Responding recently to a reader’s inquiry, I had to dig through the magazine archives. Along the way, I realized that this issue is a milestone of sorts.
The milestone of sorts that I discovered is that this issue marks my fifth anniversary at the helm of IFR. Now, in many views, that’s simply not noteworthy. Other editors in the Belvoir Aviation family, like Jeb Burnside at Aviation Safety, have been at this for, well, a very long time indeed.
Then, of course, there’s Paul Bertorelli. I think he may have made a trip to Dayton to interview a couple brothers in a bicycle shop about their unlikely dreams of manned, powered flight. He probably poked fun at their absurd notions in print, too, although I’m not sure if he used ink or hammer and chisel.
So, five years isn’t a big deal in the overall scheme. But, it’s nonetheless a milestone that I’ll use as an opportunity for a little reflecting.
In the time I’ve been here, GPS has gone from simply meaning well-equipped to being virtually mandatory and the foundation for the future. Do any of you actually fly today without a GPS, at least one in your lap if not in your panel? In the last five years, I’ve personally gone from none to one in the panel andone in my lap.
How about the ICAO flight plan format? Actually, we published an article about that in my first year because the deadline was a few months ahead. And, it remains a few months ahead.
I’ve long been an advocate of simulator training. But, during the last five years we’ve seen a dramatic growth in sim capabilities while affordability and the resulting accessibility have significantly improved. If you haven’t flown a modern sim to sharpen the edge-of-the-envelope skills that you simply can’t explore in an actual aircraft, please do so. You’ll be a far better pilot for your effort and you get a lot more for a lot less than when flying an aircraft.
Some things, of course, haven’t changed much. We still see too many stupid pilot tricks. General aviation is still shrinking. There’s always something more to learn… or relearn correctly. The FAA (okay, the whole damned guvm’nt) still fights for proper funding each year.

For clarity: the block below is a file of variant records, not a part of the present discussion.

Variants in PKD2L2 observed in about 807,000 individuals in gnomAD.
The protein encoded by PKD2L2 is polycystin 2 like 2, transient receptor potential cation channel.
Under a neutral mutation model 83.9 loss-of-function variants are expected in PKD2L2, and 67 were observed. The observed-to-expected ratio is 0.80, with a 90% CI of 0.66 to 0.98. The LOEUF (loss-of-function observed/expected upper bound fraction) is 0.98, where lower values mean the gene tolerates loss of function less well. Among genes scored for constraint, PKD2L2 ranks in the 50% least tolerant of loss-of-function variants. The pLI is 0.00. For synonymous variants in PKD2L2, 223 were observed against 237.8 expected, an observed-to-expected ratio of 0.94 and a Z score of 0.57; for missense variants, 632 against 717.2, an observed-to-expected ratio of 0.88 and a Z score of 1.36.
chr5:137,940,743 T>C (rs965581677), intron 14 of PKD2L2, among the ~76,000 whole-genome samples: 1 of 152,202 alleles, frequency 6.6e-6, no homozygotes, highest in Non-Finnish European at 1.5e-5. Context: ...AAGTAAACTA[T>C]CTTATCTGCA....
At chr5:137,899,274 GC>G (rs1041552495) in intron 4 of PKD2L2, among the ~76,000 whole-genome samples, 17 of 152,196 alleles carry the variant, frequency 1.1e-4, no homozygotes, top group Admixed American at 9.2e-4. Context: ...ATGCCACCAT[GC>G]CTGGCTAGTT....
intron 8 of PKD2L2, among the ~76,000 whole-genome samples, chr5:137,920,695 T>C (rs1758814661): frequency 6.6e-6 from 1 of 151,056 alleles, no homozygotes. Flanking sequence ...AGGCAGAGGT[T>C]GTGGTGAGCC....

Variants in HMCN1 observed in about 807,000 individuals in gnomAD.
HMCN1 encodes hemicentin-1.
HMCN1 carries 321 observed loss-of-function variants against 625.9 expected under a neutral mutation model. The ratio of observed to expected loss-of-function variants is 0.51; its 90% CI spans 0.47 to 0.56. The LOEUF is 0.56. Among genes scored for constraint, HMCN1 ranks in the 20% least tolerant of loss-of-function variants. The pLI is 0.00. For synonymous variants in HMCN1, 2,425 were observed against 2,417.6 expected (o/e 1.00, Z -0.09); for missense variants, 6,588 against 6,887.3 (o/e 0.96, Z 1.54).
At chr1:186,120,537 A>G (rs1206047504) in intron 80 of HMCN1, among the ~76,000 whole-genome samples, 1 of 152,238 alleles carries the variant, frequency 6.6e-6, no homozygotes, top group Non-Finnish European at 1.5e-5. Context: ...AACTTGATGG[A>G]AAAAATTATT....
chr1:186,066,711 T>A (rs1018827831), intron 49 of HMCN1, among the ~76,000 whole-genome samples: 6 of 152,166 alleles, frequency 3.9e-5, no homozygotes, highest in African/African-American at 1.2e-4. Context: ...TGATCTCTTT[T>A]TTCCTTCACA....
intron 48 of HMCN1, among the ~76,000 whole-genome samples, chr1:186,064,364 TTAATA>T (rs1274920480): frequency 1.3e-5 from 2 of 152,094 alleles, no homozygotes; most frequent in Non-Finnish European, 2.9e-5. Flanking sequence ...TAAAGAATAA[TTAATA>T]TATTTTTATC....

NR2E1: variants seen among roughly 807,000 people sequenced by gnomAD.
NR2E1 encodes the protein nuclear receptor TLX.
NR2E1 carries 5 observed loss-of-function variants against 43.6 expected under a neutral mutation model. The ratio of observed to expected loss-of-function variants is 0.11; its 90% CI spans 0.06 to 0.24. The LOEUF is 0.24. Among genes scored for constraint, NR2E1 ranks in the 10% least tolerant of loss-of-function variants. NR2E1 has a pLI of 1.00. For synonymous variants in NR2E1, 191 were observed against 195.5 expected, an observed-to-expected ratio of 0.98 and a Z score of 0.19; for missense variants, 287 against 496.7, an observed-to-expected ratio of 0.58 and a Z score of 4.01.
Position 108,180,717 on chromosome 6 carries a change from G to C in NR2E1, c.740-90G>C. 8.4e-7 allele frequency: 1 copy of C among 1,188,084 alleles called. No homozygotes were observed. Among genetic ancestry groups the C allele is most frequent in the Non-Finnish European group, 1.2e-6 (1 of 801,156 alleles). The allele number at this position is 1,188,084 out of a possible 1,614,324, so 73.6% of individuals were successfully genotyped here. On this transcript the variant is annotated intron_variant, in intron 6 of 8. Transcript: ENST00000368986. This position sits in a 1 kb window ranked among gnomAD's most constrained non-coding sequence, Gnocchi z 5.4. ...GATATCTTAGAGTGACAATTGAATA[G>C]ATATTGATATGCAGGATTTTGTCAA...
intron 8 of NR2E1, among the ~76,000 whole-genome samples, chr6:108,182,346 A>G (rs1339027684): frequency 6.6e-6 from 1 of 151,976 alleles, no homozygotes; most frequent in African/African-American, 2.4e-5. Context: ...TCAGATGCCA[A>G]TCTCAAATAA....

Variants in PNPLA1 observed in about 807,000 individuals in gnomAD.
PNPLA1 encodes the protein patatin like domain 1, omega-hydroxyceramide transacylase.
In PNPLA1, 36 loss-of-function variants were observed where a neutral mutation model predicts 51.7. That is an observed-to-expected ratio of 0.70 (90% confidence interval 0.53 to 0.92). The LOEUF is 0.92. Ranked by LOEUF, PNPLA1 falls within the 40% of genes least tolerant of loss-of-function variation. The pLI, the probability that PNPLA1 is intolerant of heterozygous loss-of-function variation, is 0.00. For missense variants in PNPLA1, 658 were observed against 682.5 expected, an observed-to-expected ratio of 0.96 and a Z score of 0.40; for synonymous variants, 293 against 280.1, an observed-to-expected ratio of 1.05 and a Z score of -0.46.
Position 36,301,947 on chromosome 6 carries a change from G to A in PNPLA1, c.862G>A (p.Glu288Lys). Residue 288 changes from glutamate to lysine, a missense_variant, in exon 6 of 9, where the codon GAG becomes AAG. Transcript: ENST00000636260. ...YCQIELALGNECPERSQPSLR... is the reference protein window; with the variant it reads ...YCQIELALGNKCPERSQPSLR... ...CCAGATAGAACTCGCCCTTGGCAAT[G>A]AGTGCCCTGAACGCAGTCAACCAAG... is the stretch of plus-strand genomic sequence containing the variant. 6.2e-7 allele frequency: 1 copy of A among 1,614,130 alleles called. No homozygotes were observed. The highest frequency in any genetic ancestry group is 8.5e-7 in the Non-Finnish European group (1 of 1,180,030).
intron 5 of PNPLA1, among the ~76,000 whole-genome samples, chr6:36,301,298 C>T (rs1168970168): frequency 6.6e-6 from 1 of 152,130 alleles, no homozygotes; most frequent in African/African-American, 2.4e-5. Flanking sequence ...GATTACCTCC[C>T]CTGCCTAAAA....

With fear and frustration, we’ve followed Washington’s near-annual attempt to take ATC away from the public and give it to the airlines a private corporation under the guise of user fees. Each attempt seems more serious, better organized than the previous ones, but none have yet succeeded. It’s probably inevitable, but until then we have something to get spooled up about every year or so.
Here at IFR we keep searching for the practical realities hidden in the regs and common practices. We try to explore them in a way that first doesn’t put you to sleep with yet another version of what you’ve been reading for decades, but entertains you with the information you need to maximize your utility while managing your risks.
Also unchanged is your willingness to ask pointed questions that we try to answer and your readiness to keep us on track and correct the errors that slip by our best efforts. Please keep up the good work, keep us on the right path and, with luck, I’ll get to reflect some more in another five years. If the stars align, we might even have to file ICAO-formatted flight plans by then.